How to choose a toothbrush and toothpaste

How to choose a toothbrush and toothpaste

If you feel like you need a PhD. to navigate the multitude of choices in the toothbrush and toothpaste aisle, relax. Selecting products that help prevent tooth decay and promote good oral hygiene can be quick and easy if you keep these simple rules in mind, says Dr. Richard Price, a dentist and spokesman for the American Dental Association.

1. Look for the label

Electric or manual, the ADA seal on the package lets you know the toothbrush meets the standards for safety and effectiveness set by the association, which promotes dental health. Price says the ADA symbol appears on toothbrushes made of nylon or other synthetic bristles that are rounded at the end. ADA-accepted toothbrushes are firm enough to remove plaque from your teeth but soft enough not to damage your teeth and gums if used properly. Nylon or synthetic bristles also dry more quickly and completely, helping them resist bacteria.

2. Select the right size

When it comes to toothbrushes, one size doesn’t fit all. If your toothbrush head prevents you from easily reaching all the surfaces of your teeth or the handle is too short or long for your hand, ditch it. “It’s got to be comfortable in your hand and mouth or you won’t use it,” Price says. Of course there’s no substitute for floss to clean between teeth and under the gum line, he says. And if a child’s toothbrush helps you clean your back teeth better, then use one.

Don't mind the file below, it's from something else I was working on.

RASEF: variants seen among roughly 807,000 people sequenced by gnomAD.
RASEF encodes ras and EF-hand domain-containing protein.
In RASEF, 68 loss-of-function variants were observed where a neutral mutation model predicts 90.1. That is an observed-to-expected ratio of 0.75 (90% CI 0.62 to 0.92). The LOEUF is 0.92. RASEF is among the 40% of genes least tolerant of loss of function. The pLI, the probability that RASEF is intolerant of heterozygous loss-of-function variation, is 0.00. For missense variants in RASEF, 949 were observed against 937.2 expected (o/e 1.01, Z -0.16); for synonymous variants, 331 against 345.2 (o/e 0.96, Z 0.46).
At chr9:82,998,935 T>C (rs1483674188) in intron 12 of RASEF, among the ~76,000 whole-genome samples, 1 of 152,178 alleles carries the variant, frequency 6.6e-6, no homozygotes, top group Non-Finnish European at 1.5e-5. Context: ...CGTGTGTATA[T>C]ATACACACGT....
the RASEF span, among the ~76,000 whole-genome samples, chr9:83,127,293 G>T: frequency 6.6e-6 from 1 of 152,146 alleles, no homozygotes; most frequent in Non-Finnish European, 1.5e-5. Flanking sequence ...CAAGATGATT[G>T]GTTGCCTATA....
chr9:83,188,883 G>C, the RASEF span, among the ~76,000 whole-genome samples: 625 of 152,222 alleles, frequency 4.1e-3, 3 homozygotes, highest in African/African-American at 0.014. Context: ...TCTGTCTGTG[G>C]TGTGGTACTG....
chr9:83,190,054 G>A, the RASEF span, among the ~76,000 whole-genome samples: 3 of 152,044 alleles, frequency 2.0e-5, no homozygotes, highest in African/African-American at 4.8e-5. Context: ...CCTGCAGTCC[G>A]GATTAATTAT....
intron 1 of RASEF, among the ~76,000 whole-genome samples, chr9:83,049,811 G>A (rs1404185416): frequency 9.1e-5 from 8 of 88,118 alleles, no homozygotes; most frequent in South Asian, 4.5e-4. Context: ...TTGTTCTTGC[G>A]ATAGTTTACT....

3. Find a product with fluoride

Simply put, fluoride is medicine for your teeth, Price says. It slows the decaying effects of bacteria that produce gum disease and, at a microscopic level, helps cavities heal and toughens tooth enamel, he says. Because children younger than 5 tend to swallow toothpaste when brushing, he recommends limiting fluoride toothpaste to a pea-size drop so it doesn’t cause an upset stomach.

4. Go simple

A small portion of the population might have an allergic reaction to ingredients in tartar control toothpaste and whitening products that use varying levels of peroxide, and the peroxide may cause sensitivity, Price says. Bottom line: all toothpastes are cleaners and with proper use, they help control tartar buildup and remove stains. “Unless you have a specific problem, stick with the most vanilla product,” he says. Consult your dentist if you have questions.

5. Replace your brush regularly

Price recommends using your toothbrush until the bristles become frayed, which usually occurs after three or four months of regular use. He says there’s no need to replace your toothbrush every time you get a cold or illness. “You can soak the toothbrush in alcohol or put it in a dishwasher to disinfect it if you are anxious about removing germs” he says, and recommends storing your toothbrush someplace where it can thoroughly dry and not support bacteria life. By the way, toothpaste can help stamp out bacteria on a dry toothbrush because toothpaste has a detergent in it, Price says.

6. Dare to share

Some may get squeamish when thinking of sharing their tube of toothpaste with someone else’s toothbrush, but Price says there's no need to have your own toothpaste to avoid spreading germs. “I have not seen one study that indicates that’s a good thing to do other than make you feel better,” he says.

 


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